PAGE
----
Georgie Collinson didn't grow up in a religious household but believes there is something beneficial to saying grace before a meal.
The anxiety mindset coach and nutritionist says pausing before every meal can do wonders for digestion and overall health - both mental and physical.
It's all part of mindful eating - a topic that she will cover as part of Adytum's one-day body positivity, mindfulness and self-love retreat, Embodied.
Mindful eating is the concept of not wolfing down your food and avoiding looking at screens or being distracted by your meals.
"It's making sure you're chewing your food properly, making sure that you are present and aware, while you're consuming food," Collinson says.
"It's not about getting it perfect, it's not about being 100 per cent there, because it's like meditation - you can't constantly be focused, that's not how our minds work.
"When we're more connected to our body we're less in our heads and less taken away by all the stresses of life."
She says the tool is useful for those with anxiety or under a lot of stress. During those times the body goes into fight or flight mode and the blood flow moves away from the digestive system to our limbs in preparation to run away or fight something.
"When we're in that calm and relaxed state, and we are not anxious, we have the blood flow around our abdomen, and around our digestive system," Collinson says.
"So we're digesting our food properly when we're not anxious, we're not in that stressed fight or flight mode.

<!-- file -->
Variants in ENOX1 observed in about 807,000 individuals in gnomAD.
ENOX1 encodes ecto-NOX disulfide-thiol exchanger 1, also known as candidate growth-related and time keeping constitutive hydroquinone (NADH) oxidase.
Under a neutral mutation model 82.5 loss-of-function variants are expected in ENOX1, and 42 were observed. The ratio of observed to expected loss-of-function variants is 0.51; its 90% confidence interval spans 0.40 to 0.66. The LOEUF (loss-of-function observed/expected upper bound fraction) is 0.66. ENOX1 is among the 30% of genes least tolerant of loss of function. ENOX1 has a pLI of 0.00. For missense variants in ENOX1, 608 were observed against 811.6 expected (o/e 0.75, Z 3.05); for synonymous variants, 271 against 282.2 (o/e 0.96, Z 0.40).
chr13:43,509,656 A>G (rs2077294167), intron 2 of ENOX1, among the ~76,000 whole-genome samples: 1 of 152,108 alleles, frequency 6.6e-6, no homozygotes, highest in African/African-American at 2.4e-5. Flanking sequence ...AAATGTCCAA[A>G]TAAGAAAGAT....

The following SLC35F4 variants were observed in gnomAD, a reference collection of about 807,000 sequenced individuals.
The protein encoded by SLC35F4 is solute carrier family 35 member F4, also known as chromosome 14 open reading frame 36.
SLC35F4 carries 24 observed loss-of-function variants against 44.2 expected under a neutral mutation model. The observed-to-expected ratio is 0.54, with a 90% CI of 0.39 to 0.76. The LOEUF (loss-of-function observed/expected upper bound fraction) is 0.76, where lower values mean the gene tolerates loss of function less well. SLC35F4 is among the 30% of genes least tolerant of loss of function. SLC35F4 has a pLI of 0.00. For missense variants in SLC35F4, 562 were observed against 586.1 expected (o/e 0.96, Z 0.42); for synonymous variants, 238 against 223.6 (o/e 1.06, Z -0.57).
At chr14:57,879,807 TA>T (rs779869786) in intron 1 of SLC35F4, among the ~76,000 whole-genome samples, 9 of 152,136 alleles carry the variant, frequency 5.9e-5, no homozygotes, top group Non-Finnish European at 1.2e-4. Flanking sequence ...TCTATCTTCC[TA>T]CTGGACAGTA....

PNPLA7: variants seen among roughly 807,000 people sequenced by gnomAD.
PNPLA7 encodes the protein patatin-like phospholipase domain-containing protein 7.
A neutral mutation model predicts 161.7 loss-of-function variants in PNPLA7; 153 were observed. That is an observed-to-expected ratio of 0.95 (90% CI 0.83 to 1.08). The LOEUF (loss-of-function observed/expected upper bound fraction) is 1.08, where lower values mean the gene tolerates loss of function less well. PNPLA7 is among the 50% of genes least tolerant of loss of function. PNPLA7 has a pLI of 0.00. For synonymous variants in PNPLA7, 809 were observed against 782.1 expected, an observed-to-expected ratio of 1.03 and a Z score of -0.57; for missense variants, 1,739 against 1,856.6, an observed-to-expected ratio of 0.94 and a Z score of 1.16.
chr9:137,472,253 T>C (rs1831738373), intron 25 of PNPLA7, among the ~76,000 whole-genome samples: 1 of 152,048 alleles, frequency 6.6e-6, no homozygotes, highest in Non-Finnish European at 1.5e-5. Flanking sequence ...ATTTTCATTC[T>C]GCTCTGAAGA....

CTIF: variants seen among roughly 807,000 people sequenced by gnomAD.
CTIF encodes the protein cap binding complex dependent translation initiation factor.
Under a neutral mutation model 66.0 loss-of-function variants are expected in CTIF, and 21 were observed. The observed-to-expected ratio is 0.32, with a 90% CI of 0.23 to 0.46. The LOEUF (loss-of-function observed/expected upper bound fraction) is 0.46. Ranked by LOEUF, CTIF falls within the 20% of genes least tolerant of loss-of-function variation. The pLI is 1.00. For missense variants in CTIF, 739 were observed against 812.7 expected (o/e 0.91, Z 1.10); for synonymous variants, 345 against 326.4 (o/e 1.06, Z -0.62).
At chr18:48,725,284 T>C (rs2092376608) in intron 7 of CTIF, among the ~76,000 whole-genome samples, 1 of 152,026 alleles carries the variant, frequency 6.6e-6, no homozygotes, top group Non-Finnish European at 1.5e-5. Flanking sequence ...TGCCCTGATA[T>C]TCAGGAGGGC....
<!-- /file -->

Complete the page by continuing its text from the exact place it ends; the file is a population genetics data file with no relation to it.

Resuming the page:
"What's cool about that is that the more we can switch on our digestion and focus on our digestion and bring our mind to our digestion, the more we chew our food, the more we're salivating. All of that is a sign that your digestive system is on, your digestive systems working."
Collinson is one of four experts - along with ceramic artist Fran Romano, clinical psychologist Alisha Polsen and yoga and pilates instructor Sarah Moloney - who will help Embodied attendees improve their relationship with themselves and their body.
Themes explored during the retreat include theoretical sessions on self-compassion, the body and pleasure, as well as body-positive, therapeutic clay sculpting.
"For too long we have been fed subliminal messages that how we look is a big part of our value and self-worth. People, therefore, spend a lot of time trying to 'fix' themselves, but we firmly believe that there is nothing to fix," Adytum's spa manager Renee Stinson says.
"It's time we rewrite the body narrative and truly strengthen people's relationship with the self, for good. Via our teachers, we're condensing years' worth of experience and theory into five modules.
"Self-acceptance is not contingent on how you look, and this is a message that we're focusing, not just for the day. It underpins our entire Adytum brand and the way we are exploring beauty and wellness in theoretical and physical forms."
Embodied is on May 16. For more information go to adytum.com.au or find Adytum.ltd on Facebook.
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